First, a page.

The duo took up their poles again Saturday at the Beach Invitational, but the second straight day of competition proved to be taxing. Clark finished third with a mark of 14 feet, 2 inches and Heath took 11th with a clearance of 13 feet, 6 1/4 inches.
“For Megan at the Olympic Trials, she is going to have to go through a qualifying round and then come back two days later if she makes the finals,” Duke associate head coach Shawn Wilbourn said. “I wanted to prepare her a little bit for that and have her experience jumping in meets fairly close together.”
Three Duke field athletes turned in season-best performances in Long Beach. Thomas Lang posted the top mark by a collegiate athlete in his best event, throwing the javelin 237 feet, 2 inches—good for 17th in the NCAA and first in the ACC. In the women’s hammer throw, freshman Stefani Vukajlovic earned a mark of 183 feet, 4 inches on her third and final attempt to move up to second on Duke’s all-time list. Capping off the weekend, redshirt junior Urina Harrell threw the shot put for a personal-best mark of 50 feet, 4 inches—her first time breaking the 50-foot barrier.
The Blue Devils also recorded their share of highlights in the multi-events. After Wednesday’s first four events of the heptathlon, redshirt senior Teddi Maslowski was four points ahead of the day-one total from her school-record performance at the Mt. Sac Relays last year. But she felt the effects of the ankle injury she suffered during the indoor season in the long jump, landing at 18 feet, 11 1/2 inches—more than a foot shy of her program record. Maslowski recorded new personal-bests in both throws of the seven-event competition, the shot put and the javelin, and in the 200-meter dash en route to her 5,569-point final score, good for 16th in the nation.
“Teddi had some injuries, so we haven’t been able to work on some of the technical events, especially the long jump,” Wilbourn said. “But I think that score is going to get us into NCAAs and not have to do another heptathlon so we can continue to let her ankle heal.”
Competing in his first decathlon since his freshman campaign, junior Chaz Hawkins showed marked improvement in the 10-event contest after his stint as a sprint specialist. Hawkins recorded the fastest time of the field in the 100-meter dash, stopping the clock at 10.82 seconds, and the second-fastest time in the 400 meters in 48.64 seconds. His final total of 6,718 outscored his previous personal-best by nearly 350 points.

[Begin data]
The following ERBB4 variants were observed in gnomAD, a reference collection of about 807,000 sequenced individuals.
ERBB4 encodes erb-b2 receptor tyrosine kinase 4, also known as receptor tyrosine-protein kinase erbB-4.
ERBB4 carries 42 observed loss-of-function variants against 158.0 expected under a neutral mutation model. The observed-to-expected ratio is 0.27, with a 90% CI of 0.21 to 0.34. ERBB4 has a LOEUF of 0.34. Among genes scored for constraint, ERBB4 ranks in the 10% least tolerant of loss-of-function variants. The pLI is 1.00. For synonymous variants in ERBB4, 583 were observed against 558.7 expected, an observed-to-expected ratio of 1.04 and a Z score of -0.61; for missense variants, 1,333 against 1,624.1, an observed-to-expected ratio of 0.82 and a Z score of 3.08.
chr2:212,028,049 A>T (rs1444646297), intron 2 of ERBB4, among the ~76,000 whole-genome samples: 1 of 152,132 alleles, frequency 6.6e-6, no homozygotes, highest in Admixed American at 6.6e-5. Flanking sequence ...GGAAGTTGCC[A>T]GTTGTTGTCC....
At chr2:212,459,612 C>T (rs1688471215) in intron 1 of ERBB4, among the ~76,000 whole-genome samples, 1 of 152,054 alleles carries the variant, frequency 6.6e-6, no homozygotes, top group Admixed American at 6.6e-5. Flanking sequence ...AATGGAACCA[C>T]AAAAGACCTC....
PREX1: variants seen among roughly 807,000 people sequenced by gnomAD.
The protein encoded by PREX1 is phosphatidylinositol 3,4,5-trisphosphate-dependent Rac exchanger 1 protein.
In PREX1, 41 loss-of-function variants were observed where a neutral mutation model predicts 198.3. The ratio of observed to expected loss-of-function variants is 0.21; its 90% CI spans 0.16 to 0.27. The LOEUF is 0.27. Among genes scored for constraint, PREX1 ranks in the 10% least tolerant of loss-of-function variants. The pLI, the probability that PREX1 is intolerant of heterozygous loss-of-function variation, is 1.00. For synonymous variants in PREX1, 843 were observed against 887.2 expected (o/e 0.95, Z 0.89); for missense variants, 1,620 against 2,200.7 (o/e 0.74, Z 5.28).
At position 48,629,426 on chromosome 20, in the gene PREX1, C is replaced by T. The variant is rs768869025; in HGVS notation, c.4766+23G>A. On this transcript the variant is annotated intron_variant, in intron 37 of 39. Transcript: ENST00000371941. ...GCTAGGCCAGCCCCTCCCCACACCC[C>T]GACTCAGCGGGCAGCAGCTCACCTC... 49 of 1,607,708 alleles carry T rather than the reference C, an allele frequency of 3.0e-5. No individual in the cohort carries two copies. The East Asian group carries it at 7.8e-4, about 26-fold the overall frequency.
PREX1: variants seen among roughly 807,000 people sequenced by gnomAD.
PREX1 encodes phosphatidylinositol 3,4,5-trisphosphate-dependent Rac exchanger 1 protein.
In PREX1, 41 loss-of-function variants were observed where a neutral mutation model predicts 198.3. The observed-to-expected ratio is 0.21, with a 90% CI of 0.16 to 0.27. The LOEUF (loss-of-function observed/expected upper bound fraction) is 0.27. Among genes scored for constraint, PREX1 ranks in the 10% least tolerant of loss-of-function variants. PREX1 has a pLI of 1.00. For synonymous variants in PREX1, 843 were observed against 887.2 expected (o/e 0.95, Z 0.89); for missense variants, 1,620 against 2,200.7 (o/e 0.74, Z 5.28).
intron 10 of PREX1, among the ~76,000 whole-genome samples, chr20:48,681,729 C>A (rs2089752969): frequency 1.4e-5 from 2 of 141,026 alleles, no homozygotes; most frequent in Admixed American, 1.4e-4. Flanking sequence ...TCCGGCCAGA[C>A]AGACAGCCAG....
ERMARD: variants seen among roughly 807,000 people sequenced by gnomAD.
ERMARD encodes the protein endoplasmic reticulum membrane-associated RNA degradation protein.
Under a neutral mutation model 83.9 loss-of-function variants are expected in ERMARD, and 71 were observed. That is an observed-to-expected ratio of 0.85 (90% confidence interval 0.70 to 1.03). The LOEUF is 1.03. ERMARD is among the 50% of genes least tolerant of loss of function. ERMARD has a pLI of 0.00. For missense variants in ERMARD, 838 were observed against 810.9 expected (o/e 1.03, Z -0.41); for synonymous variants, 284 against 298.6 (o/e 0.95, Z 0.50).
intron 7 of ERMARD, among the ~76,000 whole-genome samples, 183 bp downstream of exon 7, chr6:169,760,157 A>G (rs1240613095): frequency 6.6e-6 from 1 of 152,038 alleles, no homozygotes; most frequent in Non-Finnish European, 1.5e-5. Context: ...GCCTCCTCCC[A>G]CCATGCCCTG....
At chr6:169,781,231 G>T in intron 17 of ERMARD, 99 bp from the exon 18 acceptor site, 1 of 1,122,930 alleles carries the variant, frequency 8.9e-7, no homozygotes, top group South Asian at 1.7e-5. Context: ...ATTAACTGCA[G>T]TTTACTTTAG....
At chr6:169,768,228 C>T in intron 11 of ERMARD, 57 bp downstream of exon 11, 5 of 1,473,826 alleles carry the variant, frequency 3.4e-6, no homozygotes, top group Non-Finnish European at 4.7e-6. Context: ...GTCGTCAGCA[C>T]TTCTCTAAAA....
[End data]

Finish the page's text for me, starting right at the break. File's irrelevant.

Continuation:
Maslowski returned to the track Saturday to wrap up Duke’s trip to California with the lead-off leg of the 4-x-400-meter relay. She, Madeline Kopp, Mackenzie Kerr and Maddy Price finished in a combined time of 3:35.07—the fastest collegiate quartet in the field. The Blue Devils were only outrun by a TMBTC squad featuring Olympic medalists Allyson Felix, Dawn Harper-Nelson and Jeneba Tarmoh.
Duke’s three 400-meter specialists had all competed in the individual race before the relay, with Price recording a new personal-best and the meet’s top collegiate time of 53.53 seconds.
“They ran against the best 400-meter sprinter in the country, arguably [in the] world, with Allyson Felix,” Ogilvie said. “That was a great opportunity for them and they really came into their own. It was great to see Madeline Kopp back in top form—she split 52-point on the second leg and that’s very encouraging for things to come.”
The Blue Devils host their second and final home meet of the season this weekend.